People Who Flush After Drinking Face Greater Hypertension Risk

Researchers have found that people who flush after drinking alcohol are at a higher risk for drinking-related hypertension compared to non-flushers.

AsianScientist (Nov. 27, 2013) – Excessive drinking is a known risk factor for hypertension, while drinking that results in facial flushing indicates high sensitivity or even intolerance to alcohol.

A study of the relationship between drinking and these two conditions has found that flushers are at a higher risk for drinking-related hypertension compared to non-flushers. Results will be published in the April 2014 issue of the journal Alcoholism: Clinical & Experimental Research.

“Facial flushing after alcohol drinking differs across gender, age, and ethnic groups,” said Kyung Hwan Cho, president of the Korean Academy of Family Medicine. “In general, it is more common in women, the elderly, and East Asians versus Westerners.”

Cho noted that it is well known that excessive alcohol consumption is associated with elevated blood pressure and the likely development of hypertension.

Led by Jong Sung Kim, head of the department of family medicine at Chungnam National University School of Medicine, the team collected data from the medical records of 1,763 men (288 non-drinkers, 527 flushing drinkers, 948 non-flushing drinkers) who had received a health check-up. The risk of hypertension related to the weekly drinking amount by non-flushers and flushers was analyzed and compared with the risk of hypertension among non-drinkers.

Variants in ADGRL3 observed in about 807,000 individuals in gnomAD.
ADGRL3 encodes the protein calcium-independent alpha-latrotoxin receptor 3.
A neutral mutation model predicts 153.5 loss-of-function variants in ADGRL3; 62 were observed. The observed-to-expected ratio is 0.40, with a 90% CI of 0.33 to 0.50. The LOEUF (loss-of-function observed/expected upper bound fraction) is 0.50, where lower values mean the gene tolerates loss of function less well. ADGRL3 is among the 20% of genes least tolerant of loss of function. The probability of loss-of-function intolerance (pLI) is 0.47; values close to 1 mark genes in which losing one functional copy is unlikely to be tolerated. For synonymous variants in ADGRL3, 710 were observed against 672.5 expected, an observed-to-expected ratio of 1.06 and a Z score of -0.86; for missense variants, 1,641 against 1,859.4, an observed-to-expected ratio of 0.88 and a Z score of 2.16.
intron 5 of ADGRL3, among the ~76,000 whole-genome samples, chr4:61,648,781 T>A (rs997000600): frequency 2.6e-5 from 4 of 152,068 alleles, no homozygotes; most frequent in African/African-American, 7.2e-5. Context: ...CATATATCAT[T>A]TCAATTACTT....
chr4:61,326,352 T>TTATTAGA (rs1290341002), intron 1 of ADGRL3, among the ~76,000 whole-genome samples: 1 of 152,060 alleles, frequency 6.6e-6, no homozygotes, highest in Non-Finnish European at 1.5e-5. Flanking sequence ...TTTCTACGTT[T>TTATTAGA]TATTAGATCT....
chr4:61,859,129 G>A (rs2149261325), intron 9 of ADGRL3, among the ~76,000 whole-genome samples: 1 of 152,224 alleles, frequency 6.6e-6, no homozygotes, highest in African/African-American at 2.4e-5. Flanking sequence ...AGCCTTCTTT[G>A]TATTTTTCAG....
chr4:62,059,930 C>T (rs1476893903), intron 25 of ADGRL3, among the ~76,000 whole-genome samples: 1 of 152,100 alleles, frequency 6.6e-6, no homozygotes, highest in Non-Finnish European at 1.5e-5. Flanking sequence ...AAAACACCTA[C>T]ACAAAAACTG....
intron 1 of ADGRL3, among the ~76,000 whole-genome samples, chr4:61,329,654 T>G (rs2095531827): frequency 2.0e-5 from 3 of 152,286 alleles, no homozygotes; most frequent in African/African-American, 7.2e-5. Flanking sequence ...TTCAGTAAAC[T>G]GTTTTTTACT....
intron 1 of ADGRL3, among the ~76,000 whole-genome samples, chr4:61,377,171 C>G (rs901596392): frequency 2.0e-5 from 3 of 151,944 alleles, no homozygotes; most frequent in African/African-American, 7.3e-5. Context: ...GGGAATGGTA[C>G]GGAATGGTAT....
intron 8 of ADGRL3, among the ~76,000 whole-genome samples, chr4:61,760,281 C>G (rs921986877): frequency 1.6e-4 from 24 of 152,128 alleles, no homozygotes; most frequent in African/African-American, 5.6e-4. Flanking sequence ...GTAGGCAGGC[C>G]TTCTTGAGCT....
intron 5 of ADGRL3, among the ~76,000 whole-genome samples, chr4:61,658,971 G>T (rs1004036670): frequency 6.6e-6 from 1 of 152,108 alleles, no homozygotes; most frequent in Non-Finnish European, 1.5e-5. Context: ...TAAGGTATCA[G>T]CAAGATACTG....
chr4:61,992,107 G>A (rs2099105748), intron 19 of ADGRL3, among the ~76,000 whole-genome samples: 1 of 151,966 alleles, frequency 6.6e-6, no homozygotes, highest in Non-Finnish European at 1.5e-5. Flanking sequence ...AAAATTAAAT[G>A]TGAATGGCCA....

“Our results indicate that hypertension associated with drinking has a lower threshold value and higher risk in flushers than in non-flushers,” said Kim.

“After adjusting for age, body mass index, exercise status, and smoking status, the risk of hypertension was significantly increased when flushers consumed more than four drinks per week. In contrast, in non-flushers, the risk increased with consuming more than eight drinks per week.”

According to Kim, the facial flushing response to drinking usually occurs in people who cannot genetically break down acetaldehyde, the first metabolite of alcohol. He added that these results indicate that facial flushing after drinking may potentially serve as a marker of risk for hypertension associated with drinking.

The article can be found at: Jung J et al. (2013) Hypertension Associated with Alcohol Consumption Based on the Facial Flushing Reaction to Drinking.


Source: Chungnam University; Photo: Terence l.s.m/Flickr/CC.
Disclaimer: This article does not necessarily reflect the views of AsianScientist or its staff.

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